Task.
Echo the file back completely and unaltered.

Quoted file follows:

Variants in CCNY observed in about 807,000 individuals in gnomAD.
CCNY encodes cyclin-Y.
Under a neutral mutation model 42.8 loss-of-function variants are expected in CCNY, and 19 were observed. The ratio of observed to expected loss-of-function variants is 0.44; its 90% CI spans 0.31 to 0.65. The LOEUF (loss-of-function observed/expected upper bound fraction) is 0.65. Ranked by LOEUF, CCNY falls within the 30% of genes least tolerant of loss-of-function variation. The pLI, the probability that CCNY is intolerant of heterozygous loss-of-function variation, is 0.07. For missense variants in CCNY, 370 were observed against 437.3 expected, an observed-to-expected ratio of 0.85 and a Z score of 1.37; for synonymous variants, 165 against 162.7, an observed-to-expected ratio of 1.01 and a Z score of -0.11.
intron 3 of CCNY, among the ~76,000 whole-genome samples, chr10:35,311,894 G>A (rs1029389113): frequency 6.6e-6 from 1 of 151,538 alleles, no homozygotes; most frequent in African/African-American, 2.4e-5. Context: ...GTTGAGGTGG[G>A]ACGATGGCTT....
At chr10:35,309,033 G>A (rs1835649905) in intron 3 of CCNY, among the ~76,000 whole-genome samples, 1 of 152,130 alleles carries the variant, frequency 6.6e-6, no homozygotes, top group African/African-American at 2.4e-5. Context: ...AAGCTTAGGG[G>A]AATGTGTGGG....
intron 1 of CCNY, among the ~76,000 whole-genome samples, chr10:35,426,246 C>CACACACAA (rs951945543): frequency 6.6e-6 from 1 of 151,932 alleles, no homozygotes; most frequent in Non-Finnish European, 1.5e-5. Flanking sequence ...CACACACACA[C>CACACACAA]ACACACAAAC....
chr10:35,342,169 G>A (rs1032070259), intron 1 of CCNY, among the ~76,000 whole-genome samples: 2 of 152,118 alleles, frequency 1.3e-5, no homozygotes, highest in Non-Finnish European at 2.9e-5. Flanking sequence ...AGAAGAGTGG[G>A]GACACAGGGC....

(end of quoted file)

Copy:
Variants in CCNY observed in about 807,000 individuals in gnomAD.
CCNY encodes cyclin-Y.
Under a neutral mutation model 42.8 loss-of-function variants are expected in CCNY, and 19 were observed. The ratio of observed to expected loss-of-function variants is 0.44; its 90% CI spans 0.31 to 0.65. The LOEUF (loss-of-function observed/expected upper bound fraction) is 0.65. Ranked by LOEUF, CCNY falls within the 30% of genes least tolerant of loss-of-function variation. The pLI, the probability that CCNY is intolerant of heterozygous loss-of-function variation, is 0.07. For missense variants in CCNY, 370 were observed against 437.3 expected, an observed-to-expected ratio of 0.85 and a Z score of 1.37; for synonymous variants, 165 against 162.7, an observed-to-expected ratio of 1.01 and a Z score of -0.11.
intron 3 of CCNY, among the ~76,000 whole-genome samples, chr10:35,311,894 G>A (rs1029389113): frequency 6.6e-6 from 1 of 151,538 alleles, no homozygotes; most frequent in African/African-American, 2.4e-5. Context: ...GTTGAGGTGG[G>A]ACGATGGCTT....
At chr10:35,309,033 G>A (rs1835649905) in intron 3 of CCNY, among the ~76,000 whole-genome samples, 1 of 152,130 alleles carries the variant, frequency 6.6e-6, no homozygotes, top group African/African-American at 2.4e-5. Context: ...AAGCTTAGGG[G>A]AATGTGTGGG....
intron 1 of CCNY, among the ~76,000 whole-genome samples, chr10:35,426,246 C>CACACACAA (rs951945543): frequency 6.6e-6 from 1 of 151,932 alleles, no homozygotes; most frequent in Non-Finnish European, 1.5e-5. Flanking sequence ...CACACACACA[C>CACACACAA]ACACACAAAC....
chr10:35,342,169 G>A (rs1032070259), intron 1 of CCNY, among the ~76,000 whole-genome samples: 2 of 152,118 alleles, frequency 1.3e-5, no homozygotes, highest in Non-Finnish European at 2.9e-5. Flanking sequence ...AGAAGAGTGG[G>A]GACACAGGGC....